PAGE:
Posted on 03/20/2018 at 12:00 AM by Iowa Corn
West Liberty, Iowa
Corn, soybean, cow-calfoperation
Next up in our “Farmer to Farmer: Let’s talk conservation” series is Muscatine County farmer Mark Heckman. Mark grows corn and soybeans, along with raising cattle as part of a cow-calf operation, and conservation is an integral part of all facets of his farming. Let’s find out more about what’s happening on the Heckman farm.
Q: What conservation practices are in place on your farm and how did you decide to implement them?
A: Our farm employs all types of conservation practices. We have acres enrolled in the Conservation Reserve Program (CRP), where we have wetland reclamation. We also have a lot of buffer strips, along with turn rows, headlands and terraces. You name it, and we've got it on our farm. One of the reasons that we chose to employ the conservation practices that we have, is so we can pay it forward. Our goal is to keep our soil in place and keep the land in good shape for future generations.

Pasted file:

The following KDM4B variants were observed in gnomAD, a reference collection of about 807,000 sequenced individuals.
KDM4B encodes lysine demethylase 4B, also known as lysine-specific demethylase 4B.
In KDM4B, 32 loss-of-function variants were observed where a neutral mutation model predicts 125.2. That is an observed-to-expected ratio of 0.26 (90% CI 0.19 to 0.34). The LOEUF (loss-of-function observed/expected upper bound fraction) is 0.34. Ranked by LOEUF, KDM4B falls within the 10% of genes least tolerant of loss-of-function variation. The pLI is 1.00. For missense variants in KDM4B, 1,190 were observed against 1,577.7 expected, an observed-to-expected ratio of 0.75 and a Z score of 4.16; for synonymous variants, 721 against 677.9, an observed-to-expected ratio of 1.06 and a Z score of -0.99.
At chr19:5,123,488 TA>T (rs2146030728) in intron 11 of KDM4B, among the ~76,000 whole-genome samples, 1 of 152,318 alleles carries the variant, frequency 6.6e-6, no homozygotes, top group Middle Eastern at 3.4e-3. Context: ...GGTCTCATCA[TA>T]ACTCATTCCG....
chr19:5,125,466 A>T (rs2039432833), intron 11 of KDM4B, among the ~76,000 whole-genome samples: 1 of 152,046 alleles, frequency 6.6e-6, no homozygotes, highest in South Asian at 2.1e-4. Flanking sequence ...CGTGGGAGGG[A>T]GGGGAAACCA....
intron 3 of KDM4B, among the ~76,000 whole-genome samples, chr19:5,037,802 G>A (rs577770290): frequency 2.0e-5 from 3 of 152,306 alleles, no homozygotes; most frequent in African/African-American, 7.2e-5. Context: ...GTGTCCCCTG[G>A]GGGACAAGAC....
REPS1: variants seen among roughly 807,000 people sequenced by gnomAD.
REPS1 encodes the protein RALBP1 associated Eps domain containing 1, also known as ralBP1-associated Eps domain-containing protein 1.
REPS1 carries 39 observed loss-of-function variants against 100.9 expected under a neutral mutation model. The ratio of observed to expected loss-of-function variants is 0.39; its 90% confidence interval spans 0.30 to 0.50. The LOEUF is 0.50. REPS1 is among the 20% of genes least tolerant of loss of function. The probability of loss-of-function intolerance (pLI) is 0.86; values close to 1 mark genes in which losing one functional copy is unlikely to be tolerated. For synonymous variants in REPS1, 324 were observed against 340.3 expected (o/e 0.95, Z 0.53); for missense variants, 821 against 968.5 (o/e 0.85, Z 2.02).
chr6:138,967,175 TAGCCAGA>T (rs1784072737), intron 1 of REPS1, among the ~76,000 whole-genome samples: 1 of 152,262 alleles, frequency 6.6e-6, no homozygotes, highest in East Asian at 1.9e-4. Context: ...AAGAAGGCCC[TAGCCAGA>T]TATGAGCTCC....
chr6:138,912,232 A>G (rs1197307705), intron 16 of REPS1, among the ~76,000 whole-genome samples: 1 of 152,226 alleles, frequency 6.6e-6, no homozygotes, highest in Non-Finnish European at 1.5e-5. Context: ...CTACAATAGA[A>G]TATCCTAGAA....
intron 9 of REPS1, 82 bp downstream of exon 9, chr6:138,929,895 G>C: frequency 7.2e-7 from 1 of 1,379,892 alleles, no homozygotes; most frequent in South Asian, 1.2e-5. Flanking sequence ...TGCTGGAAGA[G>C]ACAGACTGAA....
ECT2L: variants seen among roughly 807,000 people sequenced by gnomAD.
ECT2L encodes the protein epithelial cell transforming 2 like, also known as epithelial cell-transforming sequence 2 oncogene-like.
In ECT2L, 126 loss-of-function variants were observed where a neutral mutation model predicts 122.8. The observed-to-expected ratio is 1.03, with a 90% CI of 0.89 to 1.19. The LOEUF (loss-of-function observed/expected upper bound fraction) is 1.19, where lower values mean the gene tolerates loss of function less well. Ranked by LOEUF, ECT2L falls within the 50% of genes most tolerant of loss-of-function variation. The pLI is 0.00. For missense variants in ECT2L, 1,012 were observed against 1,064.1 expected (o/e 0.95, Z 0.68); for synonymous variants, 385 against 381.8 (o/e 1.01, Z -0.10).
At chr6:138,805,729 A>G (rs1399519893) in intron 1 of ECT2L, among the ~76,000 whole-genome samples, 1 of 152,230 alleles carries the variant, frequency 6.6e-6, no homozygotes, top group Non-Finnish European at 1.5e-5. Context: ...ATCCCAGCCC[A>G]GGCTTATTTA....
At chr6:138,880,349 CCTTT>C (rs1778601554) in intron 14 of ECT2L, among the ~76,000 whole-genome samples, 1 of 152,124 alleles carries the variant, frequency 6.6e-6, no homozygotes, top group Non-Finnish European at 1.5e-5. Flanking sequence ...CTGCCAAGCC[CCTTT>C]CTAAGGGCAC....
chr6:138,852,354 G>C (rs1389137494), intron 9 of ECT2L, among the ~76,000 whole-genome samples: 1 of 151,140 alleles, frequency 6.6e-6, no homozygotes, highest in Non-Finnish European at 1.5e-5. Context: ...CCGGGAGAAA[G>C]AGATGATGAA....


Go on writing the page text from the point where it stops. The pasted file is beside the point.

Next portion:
Q: How do your conservation practices work in conjunction with the livestock on your farm?
A: Livestock is not only an integral part of our farming operation, but it plays a key role in our conservation plan as well. We utilize cover crops as a feed source with our cow-calf operation and then apply manure for fertilizer in the fall, and the cover crops help hold the manure right in the root zone.
Q: Why did you join the Soil Health Partnership?
A: We enrolled for two reasons. I wanted to discover more about cover crops and I also wanted to be part of a team that is actually gathering the data first-hand. Iowa Corn and the Soil Health Partnership have been great resources in helping me get my soil health and conservation questions answered.
Learn more about Mark and other Iowa farmers who are doing a great job with conservation on their farms across the state!